Albert Lord (1912–1991), a professor of Comparative Literature, conducted extensive fieldwork on oral tradition in the former Yugoslavia.

These study notes were probably taken as part of M. Murko’s preparation for the research of South Slavic oral traditions, where he regularly compared South Slavic epic with Homer and even speculated about the oral social context of Homeric society. Such comparisons featured prominently in “Neues über südslavische Volksepik” (1919), in which he mentioned both Drerup and Bethe, La poésie populaire épique en Yougoslavie au début du XXe siècle (1929),[1] and Tragom srpsko-hrvatske narodne epike: putovanja u godinama 1930 do 1932 (1951), but appeared also in other publications, such as “Die serbokroatische Volkspoesie in der deutschen Literatur” (1906) or “Kod Meštrovića i njegovih—Ivan Meštrović kao pjevač epskih narodnih pjesama” (1933).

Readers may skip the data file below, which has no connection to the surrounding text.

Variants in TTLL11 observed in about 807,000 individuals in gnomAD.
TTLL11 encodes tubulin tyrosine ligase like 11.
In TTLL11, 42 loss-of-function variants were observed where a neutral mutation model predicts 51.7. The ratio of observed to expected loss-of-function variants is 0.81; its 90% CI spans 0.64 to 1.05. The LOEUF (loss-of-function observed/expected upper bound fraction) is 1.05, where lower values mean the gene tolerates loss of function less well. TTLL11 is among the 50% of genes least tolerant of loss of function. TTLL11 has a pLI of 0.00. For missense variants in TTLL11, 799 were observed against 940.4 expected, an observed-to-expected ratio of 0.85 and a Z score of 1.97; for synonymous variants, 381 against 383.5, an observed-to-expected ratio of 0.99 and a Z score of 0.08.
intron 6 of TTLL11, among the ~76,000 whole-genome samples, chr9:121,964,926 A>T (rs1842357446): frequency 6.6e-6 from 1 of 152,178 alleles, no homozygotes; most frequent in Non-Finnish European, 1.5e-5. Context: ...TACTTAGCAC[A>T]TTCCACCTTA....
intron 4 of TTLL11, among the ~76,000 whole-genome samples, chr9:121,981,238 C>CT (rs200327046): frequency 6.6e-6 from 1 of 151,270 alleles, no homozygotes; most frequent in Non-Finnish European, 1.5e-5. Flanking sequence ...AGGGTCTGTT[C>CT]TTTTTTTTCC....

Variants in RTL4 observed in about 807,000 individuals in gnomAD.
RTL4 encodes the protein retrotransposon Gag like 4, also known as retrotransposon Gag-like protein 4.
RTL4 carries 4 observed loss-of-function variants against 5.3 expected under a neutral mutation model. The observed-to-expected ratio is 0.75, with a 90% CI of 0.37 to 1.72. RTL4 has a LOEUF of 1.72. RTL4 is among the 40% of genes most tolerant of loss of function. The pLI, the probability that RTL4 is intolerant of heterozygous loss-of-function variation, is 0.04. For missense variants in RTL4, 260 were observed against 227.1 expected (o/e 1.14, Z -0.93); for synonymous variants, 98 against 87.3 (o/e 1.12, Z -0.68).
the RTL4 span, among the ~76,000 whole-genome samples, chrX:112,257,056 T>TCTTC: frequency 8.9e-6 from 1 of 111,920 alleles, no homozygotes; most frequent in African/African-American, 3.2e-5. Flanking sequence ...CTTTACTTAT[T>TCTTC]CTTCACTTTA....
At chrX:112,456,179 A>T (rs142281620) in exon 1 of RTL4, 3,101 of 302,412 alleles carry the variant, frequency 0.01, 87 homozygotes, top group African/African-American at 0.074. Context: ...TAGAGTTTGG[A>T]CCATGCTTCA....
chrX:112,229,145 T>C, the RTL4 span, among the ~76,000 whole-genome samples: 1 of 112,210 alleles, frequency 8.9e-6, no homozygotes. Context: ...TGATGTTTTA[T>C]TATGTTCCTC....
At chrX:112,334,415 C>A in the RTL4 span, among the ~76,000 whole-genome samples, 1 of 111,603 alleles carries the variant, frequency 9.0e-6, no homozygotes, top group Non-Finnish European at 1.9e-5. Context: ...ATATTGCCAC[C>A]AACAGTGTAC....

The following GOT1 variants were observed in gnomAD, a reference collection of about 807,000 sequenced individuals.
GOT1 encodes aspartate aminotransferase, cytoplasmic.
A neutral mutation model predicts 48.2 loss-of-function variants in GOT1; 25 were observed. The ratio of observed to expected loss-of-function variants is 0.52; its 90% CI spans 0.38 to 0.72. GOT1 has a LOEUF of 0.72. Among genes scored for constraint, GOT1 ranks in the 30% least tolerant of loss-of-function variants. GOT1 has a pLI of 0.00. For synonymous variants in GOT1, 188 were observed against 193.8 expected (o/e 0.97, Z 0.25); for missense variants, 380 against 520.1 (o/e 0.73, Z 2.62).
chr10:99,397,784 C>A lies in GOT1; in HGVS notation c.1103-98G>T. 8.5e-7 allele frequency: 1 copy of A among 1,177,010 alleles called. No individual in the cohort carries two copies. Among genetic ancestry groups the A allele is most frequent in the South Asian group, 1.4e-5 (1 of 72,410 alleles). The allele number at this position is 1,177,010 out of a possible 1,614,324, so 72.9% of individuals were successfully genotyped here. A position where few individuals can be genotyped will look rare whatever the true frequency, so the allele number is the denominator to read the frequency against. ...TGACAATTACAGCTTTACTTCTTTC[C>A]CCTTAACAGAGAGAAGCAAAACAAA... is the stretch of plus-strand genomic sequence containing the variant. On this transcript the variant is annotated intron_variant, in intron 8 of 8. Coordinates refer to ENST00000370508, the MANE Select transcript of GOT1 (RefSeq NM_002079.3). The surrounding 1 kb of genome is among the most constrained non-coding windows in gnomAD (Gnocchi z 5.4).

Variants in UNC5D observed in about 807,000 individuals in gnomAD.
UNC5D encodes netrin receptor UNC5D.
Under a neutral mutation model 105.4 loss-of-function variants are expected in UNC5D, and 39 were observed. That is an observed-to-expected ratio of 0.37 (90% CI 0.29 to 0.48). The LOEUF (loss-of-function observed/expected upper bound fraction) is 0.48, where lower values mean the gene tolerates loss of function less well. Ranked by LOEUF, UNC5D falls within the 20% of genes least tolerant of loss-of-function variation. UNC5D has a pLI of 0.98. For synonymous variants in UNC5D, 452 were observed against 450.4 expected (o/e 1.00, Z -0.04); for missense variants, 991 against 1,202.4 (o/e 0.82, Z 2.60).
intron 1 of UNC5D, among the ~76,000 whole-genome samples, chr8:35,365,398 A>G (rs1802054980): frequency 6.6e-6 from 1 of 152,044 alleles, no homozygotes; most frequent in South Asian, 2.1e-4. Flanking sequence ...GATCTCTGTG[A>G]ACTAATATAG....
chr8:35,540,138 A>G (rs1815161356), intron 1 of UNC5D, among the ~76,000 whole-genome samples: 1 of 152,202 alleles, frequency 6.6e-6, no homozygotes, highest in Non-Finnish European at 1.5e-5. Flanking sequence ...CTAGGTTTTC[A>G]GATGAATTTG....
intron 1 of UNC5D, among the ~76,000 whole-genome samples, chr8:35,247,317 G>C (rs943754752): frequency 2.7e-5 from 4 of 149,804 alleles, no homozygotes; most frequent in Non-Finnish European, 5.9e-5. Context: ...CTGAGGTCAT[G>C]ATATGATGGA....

[1] A good half of La poésie populaire épique en Yougoslavie au début du XXe siècle (1929) is in fact a revised translation of “Neues über südslavische Volksepik” (1919).

[2] M. Murko’s recordings from his early expeditions (1912–1913) were published on Compact Discs. See M. Murko 2017.

[3] Murko, Matija. Personal papers. Ms 1392. National and University Library, Manuscript Collection, Ljubljana, Slovenia. The materials about Homer are located under III. 4., “Concepts and excerpts,” and III. 7., “Materials about Homer.”

[5] Since most of the notes were numbered by M. Murko himself, it can be concluded that only a few folios were preserved.

[6] M. Murko also compared the length of the Iliad and the Odyssey with particular guslar performances in his publications (see Murko 1929a:14–5).

[7] Interestingly, this story closely resembles Friedrich August Wolf’s insistence that he be matriculated as a ‘Student of Philology,’ then an inexistent faculty.

[8] Paul Kretschmer (1866–1956) was at the time widely known for his work on pre-Greek elements in ancient Greek.